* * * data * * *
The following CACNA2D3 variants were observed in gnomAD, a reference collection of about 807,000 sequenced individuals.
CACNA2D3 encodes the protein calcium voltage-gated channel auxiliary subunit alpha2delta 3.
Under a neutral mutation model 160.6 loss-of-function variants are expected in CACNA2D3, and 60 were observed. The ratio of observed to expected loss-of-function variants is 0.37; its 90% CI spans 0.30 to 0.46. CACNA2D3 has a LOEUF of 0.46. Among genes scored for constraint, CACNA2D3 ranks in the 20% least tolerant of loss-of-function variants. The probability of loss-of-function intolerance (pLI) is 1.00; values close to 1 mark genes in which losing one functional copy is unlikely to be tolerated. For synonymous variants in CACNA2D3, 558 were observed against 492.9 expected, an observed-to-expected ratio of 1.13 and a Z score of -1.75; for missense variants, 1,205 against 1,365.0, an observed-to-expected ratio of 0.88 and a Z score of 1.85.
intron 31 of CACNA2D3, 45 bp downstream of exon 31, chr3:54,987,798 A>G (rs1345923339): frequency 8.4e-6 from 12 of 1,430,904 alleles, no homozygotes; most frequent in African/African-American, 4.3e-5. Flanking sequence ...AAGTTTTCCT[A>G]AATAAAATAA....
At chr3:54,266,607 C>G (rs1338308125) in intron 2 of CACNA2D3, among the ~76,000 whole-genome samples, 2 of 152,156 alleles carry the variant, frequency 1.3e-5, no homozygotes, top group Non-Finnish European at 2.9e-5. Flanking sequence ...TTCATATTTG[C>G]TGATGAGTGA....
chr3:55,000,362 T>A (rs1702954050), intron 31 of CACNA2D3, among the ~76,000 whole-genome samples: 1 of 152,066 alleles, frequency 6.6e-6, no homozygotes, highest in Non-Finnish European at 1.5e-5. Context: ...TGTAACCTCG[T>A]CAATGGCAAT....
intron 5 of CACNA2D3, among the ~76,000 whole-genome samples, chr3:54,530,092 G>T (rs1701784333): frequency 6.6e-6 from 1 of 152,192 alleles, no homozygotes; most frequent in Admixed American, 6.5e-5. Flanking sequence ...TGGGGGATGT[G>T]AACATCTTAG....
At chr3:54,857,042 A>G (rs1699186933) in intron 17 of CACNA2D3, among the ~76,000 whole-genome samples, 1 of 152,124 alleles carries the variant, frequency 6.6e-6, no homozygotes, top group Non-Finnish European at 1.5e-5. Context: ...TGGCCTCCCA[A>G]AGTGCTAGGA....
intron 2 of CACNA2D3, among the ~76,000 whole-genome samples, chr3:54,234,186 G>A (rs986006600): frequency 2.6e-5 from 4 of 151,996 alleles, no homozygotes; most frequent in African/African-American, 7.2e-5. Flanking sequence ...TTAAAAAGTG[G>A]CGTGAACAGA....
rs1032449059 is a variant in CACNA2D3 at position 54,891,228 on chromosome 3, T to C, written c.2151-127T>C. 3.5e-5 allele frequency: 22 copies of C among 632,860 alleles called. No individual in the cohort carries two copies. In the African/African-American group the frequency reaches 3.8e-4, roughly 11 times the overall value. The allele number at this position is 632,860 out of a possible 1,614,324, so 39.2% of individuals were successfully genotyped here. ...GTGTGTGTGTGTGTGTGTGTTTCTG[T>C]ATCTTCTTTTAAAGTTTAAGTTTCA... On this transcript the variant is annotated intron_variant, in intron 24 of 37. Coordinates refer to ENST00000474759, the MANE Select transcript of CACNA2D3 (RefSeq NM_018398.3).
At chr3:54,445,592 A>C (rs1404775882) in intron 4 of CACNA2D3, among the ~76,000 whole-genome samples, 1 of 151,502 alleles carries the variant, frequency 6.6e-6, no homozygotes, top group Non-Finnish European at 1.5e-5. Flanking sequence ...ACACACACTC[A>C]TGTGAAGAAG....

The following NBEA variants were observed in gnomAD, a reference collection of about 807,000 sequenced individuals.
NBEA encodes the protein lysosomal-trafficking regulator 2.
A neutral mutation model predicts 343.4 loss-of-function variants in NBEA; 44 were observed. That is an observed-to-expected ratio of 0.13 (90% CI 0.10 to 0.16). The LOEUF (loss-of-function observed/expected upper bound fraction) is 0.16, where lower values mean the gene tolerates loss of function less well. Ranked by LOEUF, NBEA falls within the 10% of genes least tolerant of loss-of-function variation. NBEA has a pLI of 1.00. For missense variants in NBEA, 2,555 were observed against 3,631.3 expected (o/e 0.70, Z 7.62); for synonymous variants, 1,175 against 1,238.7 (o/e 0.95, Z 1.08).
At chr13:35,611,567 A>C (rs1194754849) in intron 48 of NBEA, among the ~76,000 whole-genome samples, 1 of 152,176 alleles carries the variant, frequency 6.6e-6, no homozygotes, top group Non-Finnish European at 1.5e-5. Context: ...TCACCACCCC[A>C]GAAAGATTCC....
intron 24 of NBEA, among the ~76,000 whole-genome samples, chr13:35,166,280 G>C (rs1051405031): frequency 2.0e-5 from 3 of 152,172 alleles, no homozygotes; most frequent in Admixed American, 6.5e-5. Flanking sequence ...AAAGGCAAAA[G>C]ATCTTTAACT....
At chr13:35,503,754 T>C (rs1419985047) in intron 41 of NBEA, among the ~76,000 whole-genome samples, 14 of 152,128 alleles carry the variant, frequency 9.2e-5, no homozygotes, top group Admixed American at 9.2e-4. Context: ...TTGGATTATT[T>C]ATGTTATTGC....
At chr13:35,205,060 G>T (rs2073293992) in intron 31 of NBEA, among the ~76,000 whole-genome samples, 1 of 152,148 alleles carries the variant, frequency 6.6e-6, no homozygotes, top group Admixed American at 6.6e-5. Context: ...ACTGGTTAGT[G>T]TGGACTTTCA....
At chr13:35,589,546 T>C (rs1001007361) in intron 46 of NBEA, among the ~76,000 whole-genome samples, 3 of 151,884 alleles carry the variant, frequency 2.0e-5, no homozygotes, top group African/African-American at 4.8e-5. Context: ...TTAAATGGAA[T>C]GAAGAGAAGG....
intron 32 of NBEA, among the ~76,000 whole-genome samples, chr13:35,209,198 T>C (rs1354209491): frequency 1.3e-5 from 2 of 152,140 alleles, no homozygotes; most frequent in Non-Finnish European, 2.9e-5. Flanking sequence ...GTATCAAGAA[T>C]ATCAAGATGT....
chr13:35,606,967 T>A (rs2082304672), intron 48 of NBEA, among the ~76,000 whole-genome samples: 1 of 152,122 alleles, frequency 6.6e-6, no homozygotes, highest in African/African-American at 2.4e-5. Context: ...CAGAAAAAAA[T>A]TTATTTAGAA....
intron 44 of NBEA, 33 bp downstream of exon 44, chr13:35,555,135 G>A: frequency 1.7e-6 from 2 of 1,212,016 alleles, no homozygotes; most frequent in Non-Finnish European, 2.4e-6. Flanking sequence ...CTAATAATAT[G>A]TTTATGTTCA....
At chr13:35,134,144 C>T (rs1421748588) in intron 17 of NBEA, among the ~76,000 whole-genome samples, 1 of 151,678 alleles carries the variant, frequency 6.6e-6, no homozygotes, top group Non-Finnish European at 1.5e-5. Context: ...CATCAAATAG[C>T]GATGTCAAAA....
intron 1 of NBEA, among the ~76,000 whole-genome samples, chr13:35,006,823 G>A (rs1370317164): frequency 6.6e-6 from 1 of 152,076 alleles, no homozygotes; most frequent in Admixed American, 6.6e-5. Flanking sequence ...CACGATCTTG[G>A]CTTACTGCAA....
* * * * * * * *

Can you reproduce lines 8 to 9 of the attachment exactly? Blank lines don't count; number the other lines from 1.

At chr3:54,857,042 A>G (rs1699186933) in intron 17 of CACNA2D3, among the ~76,000 whole-genome samples, 1 of 152,124 alleles carries the variant, frequency 6.6e-6, no homozygotes, top group Non-Finnish European at 1.5e-5. Context: ...TGGCCTCCCA[A>G]AGTGCTAGGA....
intron 2 of CACNA2D3, among the ~76,000 whole-genome samples, chr3:54,234,186 G>A (rs986006600): frequency 2.6e-5 from 4 of 151,996 alleles, no homozygotes; most frequent in African/African-American, 7.2e-5. Flanking sequence ...TTAAAAAGTG[G>A]CGTGAACAGA....